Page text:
Quiet, friendly, beautiful -- is this Northern Ireland?
Until the end of last year, Jim Gardner was a big shot at the De Lorean Motor Company automobile plant near Belfast. As head of labor relations, he had a well-appointed office, a company car, and a staff of 12. Then on Dec. 31 the De Lorean plant closed.
Mr. Gardner now drives a second-hand car, has no full-time secretary, and, for the first time in 38 years, receives no company paycheck at the end of the month.
But he is optimistic about his future. With the help of a British government grant and his own money and mortgaged assets, Mr. Gardner has opened a new company. Called Personnel Systems Ltd., it provides a consulting service for small- and medium-sized businesses.
After only five weeks in operation Mr. Gardner has secured several contracts. His enthusiasm typifies the feeling of many residents who have faith in Northern Ireland's future, despite years of violence.
Mr. Gardner was already thinking of starting his own company before De Lorean closed. He had planned eventually to move from the pressures of a large manufacturing plant, while continuing to work for De Lorean as an adviser. De Lorean's closure forced him to go it alone.
''The local enterprise development unit, a government agency, liked my plan and gave me some funding. However, I had to put all I have on the line and to back my judgment that the need for my consultancy does exist,'' he says.
The contracts have been coming in steadily, Gardner adds.
''I don't believe that Northern Ireland will become a financial desert. The synthetic fiber industry, which had a boom period in the '50s and '60s, is shrinking, and we are going through a transition. People here will have to be more constructive and create jobs which are based here, rather than [introducing ] new plants with outside bases. In hard times the branches over here are lopped off. We need to create our own trees.
''I know what I have to earn to stay afloat in 1983, but I am hoping to double that amount,'' he says. ''I don't want to leave Northern Ireland and I don't see why I should have to do so. There is a need right here, and I can supply it.''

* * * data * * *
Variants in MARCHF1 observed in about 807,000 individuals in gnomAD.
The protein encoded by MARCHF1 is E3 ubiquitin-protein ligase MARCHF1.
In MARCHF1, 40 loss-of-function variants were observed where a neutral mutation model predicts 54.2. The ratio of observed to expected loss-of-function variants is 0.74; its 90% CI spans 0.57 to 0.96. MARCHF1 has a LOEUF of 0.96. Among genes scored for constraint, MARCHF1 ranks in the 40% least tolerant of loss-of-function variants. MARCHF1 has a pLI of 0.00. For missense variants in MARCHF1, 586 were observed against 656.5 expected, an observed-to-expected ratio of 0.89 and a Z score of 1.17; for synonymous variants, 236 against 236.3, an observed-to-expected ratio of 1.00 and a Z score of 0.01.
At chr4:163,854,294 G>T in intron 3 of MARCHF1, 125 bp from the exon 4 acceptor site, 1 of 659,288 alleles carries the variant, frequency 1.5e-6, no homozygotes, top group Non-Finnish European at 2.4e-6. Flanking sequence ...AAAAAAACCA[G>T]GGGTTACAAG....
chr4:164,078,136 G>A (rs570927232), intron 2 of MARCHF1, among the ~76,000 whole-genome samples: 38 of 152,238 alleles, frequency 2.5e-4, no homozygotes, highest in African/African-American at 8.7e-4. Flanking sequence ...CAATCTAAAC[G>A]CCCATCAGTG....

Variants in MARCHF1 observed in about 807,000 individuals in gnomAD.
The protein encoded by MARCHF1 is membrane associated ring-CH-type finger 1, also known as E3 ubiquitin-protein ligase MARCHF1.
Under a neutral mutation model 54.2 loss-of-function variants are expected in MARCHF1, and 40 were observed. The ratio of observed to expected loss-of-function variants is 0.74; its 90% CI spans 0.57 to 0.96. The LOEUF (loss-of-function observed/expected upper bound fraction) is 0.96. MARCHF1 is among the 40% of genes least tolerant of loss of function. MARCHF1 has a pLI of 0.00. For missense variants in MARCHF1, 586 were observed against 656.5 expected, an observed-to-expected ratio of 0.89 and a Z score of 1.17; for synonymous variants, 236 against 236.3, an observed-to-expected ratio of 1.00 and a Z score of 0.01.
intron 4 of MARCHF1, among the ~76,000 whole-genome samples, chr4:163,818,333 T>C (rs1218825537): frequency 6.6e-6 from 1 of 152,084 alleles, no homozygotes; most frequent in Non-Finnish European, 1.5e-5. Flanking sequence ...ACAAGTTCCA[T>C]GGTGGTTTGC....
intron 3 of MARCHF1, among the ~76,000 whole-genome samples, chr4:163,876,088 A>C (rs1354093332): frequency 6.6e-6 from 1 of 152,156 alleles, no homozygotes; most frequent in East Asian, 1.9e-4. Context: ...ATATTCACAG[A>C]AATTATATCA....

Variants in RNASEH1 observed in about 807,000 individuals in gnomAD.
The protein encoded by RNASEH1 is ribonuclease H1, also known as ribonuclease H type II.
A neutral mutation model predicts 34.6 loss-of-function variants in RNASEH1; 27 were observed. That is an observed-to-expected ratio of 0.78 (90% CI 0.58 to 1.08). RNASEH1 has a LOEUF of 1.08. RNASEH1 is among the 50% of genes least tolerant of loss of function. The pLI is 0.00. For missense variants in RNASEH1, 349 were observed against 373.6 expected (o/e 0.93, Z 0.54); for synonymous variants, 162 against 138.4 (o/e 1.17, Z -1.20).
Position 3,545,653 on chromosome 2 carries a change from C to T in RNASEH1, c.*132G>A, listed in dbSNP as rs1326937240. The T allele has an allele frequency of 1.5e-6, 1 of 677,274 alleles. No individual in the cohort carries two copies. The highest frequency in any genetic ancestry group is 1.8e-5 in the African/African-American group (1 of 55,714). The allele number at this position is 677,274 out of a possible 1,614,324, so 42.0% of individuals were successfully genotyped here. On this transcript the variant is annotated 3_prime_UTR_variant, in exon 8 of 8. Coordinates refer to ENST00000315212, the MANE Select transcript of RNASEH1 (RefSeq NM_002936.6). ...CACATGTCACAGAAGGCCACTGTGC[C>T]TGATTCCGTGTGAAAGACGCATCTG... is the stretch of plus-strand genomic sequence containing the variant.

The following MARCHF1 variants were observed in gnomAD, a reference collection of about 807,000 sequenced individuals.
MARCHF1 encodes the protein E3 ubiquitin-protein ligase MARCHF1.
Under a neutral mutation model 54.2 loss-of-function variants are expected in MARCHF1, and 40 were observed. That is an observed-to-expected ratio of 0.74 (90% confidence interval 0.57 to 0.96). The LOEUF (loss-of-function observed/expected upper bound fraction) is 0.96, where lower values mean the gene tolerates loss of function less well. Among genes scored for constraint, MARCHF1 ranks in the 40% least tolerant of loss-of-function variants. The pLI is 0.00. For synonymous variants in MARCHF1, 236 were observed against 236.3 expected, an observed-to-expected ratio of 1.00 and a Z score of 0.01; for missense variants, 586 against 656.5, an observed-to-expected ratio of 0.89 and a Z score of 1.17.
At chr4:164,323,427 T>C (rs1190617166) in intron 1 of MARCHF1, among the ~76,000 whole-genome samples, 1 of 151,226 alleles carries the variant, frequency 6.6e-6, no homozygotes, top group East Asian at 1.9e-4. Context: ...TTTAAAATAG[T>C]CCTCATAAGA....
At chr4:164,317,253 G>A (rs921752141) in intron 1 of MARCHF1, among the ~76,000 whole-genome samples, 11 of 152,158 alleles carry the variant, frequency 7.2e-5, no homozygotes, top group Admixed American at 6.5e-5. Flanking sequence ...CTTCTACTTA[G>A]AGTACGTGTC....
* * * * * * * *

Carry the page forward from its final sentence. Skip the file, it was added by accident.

This optimism is echoed by high school student Jenny Cleland, who wants to stay in Belfast to study to become a doctor. She received excellent grades in her examinations and could choose to enter one of several top medical schools in the United Kingdom. But she tops her list with Queen's University in Belfast, which has a world reputation for medical studies.
''The troubles here have not played a part in my decision. People of my generation are used to them,'' Jenny explains.
She has traveled a good deal, including a five-week trip to Milwaukee some time ago.
''I loved it,'' she says. ''People were good to me, and we had fun. But I was glad to come home. Northern Ireland is quieter and people tend to be more friendly with their neighbors.
''I also love the open-air life, and the countryside in Northern Ireland is beautiful. My roots are here, and I don't think that I would be happier anywhere else. I really do have faith in this place.''
Even non-natives are choosing to settle in Northern Ireland. American Eddie McIntire left Los Angeles with his Ulster-born wife three years ago to live in Ulster. The McIntires had spent their first vacation in Belfast.
''I liked it from the start,'' Mr. McIntire explains. ''People were more friendly and the pace of life was slower. It was only when we got back to California that we realized how difficult it was to adjust.''
The McIntires returned periodically on vacation and eventually decided to settle in Ulster with their three children. Eddie had to work hard to make a living and at one stage took three part-time jobs, but he has started a building business with a local man, and it has good prospects. He cites the advantages of Ulster schooling and health care, and he appreciates the intimacy and relaxed attitude of life in Northern Ireland.
''There's a lot to be said for this place, if people here would only pause and reflect on what they have. I've no intention of going back to California. In fact, my wife says I have settled in better than she has!''